Blacks rejoining the labor market
By Freddie Allen, NNPA Senior Washington Correspondent
WASHINGTON, D.C. (NNPA) – The Black unemployment rate rose to 11.1 percent in November, according to the latest jobs report from Labor Department, because of increasing optimism in the economy.
The Black unemployment rate rose from 10.9 percent in October to 11.1 percent and the jobless rate for Whites increased slightly from 4.8 percent to 4.9 percent in November.
The unemployment rate for Black men also increased from 10.7 percent in October to 11.2 percent. The share of Black men that either held jobs or looking for work in November, the labor force participation rate, fell from 67.7 percent in October to 67.1 percent last month.
The jobless rate for White men increased from 4.2 percent to 4.6 percent, the labor force rate was flat at 71.8, and the employment-population ratio declined from 68.7 percent to 68.6 percent.
Even though the unemployment rate for Black women increased from 9.4 percent in October to 9.6 percent in November, William Spriggs, an economics professor at Howard University and chief economist at AFL-CIO, a labor group that represents 12.5 million workers, said that that labor force participation rate for Black women over 20 years old continues to go up.
The employment-population ratio, the share of the population of Black women that hold jobs, was 55.1 percent in January 2014 and compared to 56.1 percent in November. The labor force rate for Black women was 61.5 percent in January. The unemployment rate for Black women was 10.4 percent.
Valerie Rawlston Wilson, director of the Economic Policy Institute’s Program on Race, Ethnicity, and the Economy at the Economic Policy Institute, a Washington, D.C.-based think tank focused fiscal policies that affect low- and middle-income families, said that as the economy continues to grow and the labor market continues to grow, we still have to make investments for those who face challenges with gaining employment.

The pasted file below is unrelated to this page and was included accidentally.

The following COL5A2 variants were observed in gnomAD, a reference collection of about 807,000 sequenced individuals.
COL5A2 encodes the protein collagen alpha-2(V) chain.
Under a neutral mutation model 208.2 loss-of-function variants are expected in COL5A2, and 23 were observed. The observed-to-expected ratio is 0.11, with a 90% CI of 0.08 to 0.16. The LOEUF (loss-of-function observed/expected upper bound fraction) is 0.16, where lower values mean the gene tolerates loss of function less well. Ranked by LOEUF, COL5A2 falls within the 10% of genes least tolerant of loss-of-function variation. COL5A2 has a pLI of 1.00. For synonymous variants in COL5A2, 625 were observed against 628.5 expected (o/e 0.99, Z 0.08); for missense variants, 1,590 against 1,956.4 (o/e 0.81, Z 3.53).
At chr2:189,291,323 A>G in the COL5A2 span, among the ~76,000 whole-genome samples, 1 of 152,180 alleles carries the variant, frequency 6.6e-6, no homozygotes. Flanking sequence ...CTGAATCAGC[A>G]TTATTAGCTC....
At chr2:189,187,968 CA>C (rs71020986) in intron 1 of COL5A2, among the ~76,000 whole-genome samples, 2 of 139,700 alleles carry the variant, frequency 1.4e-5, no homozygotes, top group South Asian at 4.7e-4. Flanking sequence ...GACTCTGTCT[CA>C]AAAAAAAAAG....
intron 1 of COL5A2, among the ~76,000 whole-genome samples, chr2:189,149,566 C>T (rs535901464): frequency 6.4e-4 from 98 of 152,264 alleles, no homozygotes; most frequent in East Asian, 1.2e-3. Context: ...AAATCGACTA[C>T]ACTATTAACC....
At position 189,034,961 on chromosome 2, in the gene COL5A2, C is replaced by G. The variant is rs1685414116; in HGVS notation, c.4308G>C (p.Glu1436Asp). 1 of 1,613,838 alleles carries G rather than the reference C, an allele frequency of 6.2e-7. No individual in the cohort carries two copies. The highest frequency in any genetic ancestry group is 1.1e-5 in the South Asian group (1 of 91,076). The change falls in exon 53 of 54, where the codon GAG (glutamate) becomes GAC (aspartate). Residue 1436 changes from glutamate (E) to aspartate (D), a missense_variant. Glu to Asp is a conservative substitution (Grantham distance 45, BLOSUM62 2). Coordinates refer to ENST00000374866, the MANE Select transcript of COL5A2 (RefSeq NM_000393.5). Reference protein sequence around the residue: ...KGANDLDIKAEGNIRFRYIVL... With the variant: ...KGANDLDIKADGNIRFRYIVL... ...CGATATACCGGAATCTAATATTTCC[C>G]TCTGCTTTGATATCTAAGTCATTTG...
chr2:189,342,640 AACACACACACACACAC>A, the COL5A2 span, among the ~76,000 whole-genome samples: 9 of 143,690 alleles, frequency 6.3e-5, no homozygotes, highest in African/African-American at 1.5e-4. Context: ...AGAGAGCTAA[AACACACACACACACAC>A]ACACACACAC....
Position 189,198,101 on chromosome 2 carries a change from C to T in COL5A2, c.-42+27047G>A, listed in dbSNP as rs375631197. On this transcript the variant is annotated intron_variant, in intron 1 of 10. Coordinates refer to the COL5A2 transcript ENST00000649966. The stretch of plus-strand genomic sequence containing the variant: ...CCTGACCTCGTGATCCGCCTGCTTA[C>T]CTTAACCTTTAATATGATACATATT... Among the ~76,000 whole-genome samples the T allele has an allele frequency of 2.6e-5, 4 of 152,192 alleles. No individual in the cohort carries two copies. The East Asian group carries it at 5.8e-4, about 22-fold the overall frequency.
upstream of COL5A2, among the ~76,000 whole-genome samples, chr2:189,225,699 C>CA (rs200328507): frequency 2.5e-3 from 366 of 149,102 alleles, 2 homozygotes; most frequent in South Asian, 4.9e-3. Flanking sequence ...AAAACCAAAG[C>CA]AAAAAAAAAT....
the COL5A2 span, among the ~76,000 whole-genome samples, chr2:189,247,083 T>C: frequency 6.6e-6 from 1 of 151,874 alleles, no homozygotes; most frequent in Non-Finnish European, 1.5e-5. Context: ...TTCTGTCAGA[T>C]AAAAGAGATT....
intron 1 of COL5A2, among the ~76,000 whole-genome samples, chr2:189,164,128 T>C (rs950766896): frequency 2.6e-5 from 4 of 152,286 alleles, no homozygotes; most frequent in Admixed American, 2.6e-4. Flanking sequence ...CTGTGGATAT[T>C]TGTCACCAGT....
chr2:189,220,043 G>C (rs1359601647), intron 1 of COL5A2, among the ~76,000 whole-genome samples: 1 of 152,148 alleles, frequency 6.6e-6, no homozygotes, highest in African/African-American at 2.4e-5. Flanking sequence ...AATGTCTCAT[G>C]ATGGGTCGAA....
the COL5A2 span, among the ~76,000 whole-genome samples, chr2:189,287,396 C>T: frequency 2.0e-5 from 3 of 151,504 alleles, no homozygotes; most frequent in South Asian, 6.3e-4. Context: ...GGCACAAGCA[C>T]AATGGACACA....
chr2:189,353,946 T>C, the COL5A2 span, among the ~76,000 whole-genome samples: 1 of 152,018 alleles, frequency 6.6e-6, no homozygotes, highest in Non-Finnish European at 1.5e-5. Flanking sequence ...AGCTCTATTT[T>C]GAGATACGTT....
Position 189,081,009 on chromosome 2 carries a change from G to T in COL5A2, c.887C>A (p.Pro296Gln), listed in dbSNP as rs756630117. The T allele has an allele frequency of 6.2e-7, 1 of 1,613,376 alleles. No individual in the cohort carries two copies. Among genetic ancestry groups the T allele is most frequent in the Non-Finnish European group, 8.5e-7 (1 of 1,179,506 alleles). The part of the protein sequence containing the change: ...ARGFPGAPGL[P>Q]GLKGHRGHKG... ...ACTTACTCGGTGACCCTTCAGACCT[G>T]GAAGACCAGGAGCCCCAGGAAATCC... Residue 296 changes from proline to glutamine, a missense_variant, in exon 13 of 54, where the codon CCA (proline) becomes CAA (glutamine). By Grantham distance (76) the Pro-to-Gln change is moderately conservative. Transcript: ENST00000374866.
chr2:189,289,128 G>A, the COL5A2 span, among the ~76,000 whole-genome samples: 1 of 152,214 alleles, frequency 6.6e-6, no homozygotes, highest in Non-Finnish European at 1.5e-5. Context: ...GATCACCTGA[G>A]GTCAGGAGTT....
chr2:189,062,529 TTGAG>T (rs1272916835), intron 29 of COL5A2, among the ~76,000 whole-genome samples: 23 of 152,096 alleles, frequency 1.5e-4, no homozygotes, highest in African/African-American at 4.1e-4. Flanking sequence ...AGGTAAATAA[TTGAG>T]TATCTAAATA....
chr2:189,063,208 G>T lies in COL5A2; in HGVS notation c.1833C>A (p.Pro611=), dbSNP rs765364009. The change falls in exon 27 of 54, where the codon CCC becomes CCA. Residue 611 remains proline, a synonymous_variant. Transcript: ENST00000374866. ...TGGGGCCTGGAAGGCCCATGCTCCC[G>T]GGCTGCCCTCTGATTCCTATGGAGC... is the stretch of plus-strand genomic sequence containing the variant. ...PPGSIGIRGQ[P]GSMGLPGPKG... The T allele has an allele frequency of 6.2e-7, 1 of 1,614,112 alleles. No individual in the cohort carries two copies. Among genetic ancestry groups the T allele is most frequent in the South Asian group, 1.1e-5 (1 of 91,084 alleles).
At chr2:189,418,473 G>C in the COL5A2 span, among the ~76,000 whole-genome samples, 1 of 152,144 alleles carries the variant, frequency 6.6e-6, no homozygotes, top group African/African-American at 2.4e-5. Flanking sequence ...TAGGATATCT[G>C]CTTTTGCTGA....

“That includes providing adequate training, addressing the issue of re-entry and the barriers that ex-offenders face and the significant unemployment gap between Black youth and White youth,” said Wilson. “That includes providing adequate training, addressing the issue of re-entry and the barriers that ex-offenders face and the significant unemployment gap between Black youth and White youth.”
Wilson said that access to enter the labor force and to get early work experience, whether that’s a part-time job in retail or fast food or something more career directed like apprentice programs, will be essential for Black teenagers.
“We’re finally seeing enough jobs, where people are getting optimistic to pull them back into the labor market,” said Spriggs. “That’s a good sign.”
Spriggs explained, “The numbers are good because it means the labor market is on solid ground, it’s growing in a healthy way and the big worry is federal reserve policy. The [federal reserve bank] has to wait until real wages grow and savings get built back up the positive way.”
At 11.1 percent, the Black unemployment rate continues to hover around twice the national average (5.8 percent), a trend that goes back nearly 50 years.
“It’s caused in large by part by discrimination,” said Spriggs. He said part of the difficulty in the recovery for Black employment is that we had such a backlog of job needs.The surest cure of anti-discrimination is full employment, said Spriggs.
“If I think I can kill you, without giving a thought to that, do you think I’m going to be fair in hiring you?’” asked Spriggs. “I don’t even have to be fair about letting you live. If I don’t have to be fair about letting you breathe, why do you think I’m going to be fair about whether you need a job whether you need money?”